Retirement Investing

Retirement planning looks much different than it did a century ago. With lifespans and retirements lasting longer, it’s not just about planning for a financial future; we must also create a post-career strategy that takes into account emotional, intellectual and quality of life challenges during later years.

 

After all, we don’t just stop enjoying life after age 65, 75, 85 or older. As long as we’re alive, we want to enjoy the things that make us happy. When you start the retirement planning process, it’s important to think about things you’ll want at each stage of your golden years -- from the active stage, to the slowing down stage, and even the periods when you can reasonably expect to have health and/or mobility challenges.

 

Savings, investments and insurance are at the crux of retirement planning -- providing income now and for loved ones who may survive you. If you’d like help developing financial strategies for each stage of retirement, please give us a call.

 

Among the first things to consider in retirement investing’s earliest considerations is regular contributions and the power of compounded interest. Obviously, the earlier you start, the better your chance of accumulating earnings. There’s also the added advantage of getting a current income tax deduction on tax-deferred contributions to qualified retirement accounts.

 

However, by mid-career it’s also important to consider the value of tax diversification. It can be a burden to pay taxes on plan distributions once you’re retired, so it’s worth considering strategies that diversify your retirement portfolio in terms of account types and tax obligations to help avoid a huge tax bill on your retirement income.

 

It's also important to consider how much market risk you should take on during retirement. On one hand, you don’t want to lose long-accumulated earnings to a market decline. On the other hand, living 20+ years in retirement requires continued growth opportunities. It’s a good idea to work with a financial advisor to help establish a mix of retirement investments for your circumstances, taking into account your goals, risk tolerance, investment timeline and the composition of your overall portfolio, as well as including a high-yield savings account for emergencies.

 

A Roth IRA can help address tax diversification through long-term compounding and access to funds in retirement. The Roth allows you to withdraw original contributions tax-free and penalty-free at any time for any reason. Any money in a withdrawal that exceeds the amount of your original contributions is considered “earnings” and is subject to possible penalties and taxes. To withdraw earnings without paying taxes or penalties, you must follow very specific rules. Not only do you not pay taxes on qualified distributions from a Roth IRA, but that income doesn't count when calculating taxes on Social Security payments.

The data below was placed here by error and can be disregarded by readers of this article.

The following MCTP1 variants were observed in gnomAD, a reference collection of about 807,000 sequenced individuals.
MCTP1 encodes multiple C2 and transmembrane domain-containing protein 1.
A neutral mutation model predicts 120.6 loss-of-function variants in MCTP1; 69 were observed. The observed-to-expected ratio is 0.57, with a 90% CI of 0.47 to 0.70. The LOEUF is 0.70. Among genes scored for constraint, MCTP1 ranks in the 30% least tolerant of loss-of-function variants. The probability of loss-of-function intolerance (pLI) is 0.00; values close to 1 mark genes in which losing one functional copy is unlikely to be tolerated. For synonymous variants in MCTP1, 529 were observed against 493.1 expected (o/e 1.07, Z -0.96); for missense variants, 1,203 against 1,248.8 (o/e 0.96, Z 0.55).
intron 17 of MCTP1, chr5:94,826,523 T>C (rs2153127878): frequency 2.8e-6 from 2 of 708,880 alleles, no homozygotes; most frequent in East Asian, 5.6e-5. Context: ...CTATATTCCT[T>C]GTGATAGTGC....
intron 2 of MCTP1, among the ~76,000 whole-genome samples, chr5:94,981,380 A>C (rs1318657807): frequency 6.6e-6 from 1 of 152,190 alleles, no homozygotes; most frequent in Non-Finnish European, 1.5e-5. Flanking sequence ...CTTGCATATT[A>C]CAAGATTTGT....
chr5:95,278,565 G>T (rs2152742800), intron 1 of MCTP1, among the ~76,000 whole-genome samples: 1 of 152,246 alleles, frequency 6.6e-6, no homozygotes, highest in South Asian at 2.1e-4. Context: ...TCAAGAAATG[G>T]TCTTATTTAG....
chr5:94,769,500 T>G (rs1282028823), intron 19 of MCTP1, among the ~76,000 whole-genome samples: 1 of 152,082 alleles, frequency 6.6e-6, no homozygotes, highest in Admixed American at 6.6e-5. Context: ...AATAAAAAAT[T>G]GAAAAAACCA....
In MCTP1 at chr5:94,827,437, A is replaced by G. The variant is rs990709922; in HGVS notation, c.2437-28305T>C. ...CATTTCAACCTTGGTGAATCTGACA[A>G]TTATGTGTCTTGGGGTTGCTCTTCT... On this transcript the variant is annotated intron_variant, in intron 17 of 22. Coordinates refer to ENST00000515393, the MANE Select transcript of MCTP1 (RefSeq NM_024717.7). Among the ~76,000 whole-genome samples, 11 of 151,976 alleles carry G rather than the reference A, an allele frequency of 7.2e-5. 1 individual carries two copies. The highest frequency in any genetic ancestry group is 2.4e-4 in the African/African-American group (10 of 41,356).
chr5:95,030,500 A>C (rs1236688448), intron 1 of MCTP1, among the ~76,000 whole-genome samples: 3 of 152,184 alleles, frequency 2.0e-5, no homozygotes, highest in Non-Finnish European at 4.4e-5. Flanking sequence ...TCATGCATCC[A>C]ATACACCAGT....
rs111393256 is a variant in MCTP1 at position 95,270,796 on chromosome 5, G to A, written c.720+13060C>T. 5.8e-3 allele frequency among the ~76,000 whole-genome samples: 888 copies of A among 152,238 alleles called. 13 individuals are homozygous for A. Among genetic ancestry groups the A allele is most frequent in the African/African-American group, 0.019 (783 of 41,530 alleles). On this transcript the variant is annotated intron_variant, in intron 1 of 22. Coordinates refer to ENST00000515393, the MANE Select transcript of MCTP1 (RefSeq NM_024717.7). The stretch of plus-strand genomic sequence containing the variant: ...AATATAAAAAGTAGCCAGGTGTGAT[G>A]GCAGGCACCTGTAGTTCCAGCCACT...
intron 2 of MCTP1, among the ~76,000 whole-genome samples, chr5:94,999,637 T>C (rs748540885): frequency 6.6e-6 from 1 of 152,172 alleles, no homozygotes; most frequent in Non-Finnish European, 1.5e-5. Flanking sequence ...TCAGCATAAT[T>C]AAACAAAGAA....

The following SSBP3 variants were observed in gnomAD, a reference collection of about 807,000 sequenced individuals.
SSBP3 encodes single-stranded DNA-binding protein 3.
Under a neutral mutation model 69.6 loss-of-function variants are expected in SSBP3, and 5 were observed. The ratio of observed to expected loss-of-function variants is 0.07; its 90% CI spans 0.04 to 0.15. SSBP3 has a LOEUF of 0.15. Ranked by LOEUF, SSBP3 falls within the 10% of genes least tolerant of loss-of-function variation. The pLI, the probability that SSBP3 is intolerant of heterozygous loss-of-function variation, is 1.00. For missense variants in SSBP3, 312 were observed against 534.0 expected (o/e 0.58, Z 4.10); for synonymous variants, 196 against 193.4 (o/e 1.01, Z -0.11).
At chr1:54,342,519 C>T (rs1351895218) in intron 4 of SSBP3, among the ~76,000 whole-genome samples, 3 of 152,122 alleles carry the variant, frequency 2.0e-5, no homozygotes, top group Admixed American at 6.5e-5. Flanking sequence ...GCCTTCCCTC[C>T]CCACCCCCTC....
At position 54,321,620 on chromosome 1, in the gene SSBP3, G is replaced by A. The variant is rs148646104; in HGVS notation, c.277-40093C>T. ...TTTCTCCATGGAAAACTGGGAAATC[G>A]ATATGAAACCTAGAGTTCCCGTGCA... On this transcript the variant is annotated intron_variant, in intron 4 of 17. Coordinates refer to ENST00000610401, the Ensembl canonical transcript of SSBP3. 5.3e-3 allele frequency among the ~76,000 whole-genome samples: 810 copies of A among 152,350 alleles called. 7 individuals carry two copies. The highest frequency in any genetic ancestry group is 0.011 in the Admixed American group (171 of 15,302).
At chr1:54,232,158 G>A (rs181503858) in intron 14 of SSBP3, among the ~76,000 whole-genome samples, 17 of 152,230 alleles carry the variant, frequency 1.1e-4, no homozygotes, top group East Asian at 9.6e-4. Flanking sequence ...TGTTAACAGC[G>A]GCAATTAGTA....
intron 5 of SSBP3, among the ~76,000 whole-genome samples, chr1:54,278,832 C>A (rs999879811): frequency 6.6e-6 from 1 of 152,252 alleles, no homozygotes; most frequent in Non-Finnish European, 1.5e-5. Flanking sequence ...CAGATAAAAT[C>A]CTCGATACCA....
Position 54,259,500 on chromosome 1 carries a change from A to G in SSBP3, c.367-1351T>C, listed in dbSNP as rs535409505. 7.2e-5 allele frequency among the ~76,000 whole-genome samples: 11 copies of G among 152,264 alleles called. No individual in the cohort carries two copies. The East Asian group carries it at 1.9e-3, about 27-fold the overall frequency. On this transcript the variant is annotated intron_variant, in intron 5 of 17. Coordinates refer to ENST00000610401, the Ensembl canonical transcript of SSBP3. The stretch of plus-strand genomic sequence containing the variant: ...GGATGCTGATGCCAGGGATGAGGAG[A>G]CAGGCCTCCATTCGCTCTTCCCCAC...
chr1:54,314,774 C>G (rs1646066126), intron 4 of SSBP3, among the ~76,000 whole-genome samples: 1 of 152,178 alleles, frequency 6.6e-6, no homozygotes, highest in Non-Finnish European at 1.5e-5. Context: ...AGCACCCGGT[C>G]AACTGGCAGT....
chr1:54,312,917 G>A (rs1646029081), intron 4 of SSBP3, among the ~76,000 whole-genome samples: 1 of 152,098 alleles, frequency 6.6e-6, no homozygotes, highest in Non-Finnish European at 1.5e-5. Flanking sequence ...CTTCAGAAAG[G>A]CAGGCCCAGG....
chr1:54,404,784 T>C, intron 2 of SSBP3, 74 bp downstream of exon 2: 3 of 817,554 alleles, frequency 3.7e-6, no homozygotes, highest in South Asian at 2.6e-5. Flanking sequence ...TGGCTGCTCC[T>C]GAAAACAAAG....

Converting to a Roth IRA may be beneficial to those approaching retirement who are concerned about the potential tax liability on their qualified assets. Individuals can use their current income to help pay the inevitable income taxes on the conversion throughout a number of years. However, they’ll enjoy freedom from income taxes on qualified Roth distributions during retirement. Again, this strategy should be considered within the context of one’s overall retirement portfolio, and we’re happy to help you assess if this would be a good fit for your unique circumstances.

 

Since the post-career period is generally longer these days, retirees also need to pay attention to the current economic environment when making financial decisions. For example, recent and expected hikes in interest rates by the Federal Reserve Bank, CDs and other fixed income vehicles offer a conservative option for retirement funds. While growth is important in the long-term, retirees may need to strike a balance between preserving the funds they have now and what they may need to earn for the future.



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Raymond C. Lantz, Jr. is the president and founder of USA Wealth Group, Inc. Ray has many years of experience advising clients in retirement and sophisticated tax planning strategies, multi-family and commercial real estate projects, and legacy planning. Ray is a graduate of Clark University, holds a law degree from Boston College, and a master of laws in taxation from Boston University. You can hear him every Sunday on Money Wise with Ray Lantz on WBSM 1420AM or on the Radio Pup app. 

 

Interested in reading more?  Here are some articles that may be of interest to you:  

Quantifying the Value of Retirement Accounts

6 Low Risk Investments to Build Retirement Income

The Simplest Move To Reduce Your Tax Bill

Does Switching To A Roth IRA From A Regular One Still Make Sense?

Investors Perk Up As Bank CD Rates Near 3 Percent

Neither our firm nor its agents or representatives may give tax advice. Individuals should consult with a qualified professional for guidance before making any purchasing decisions.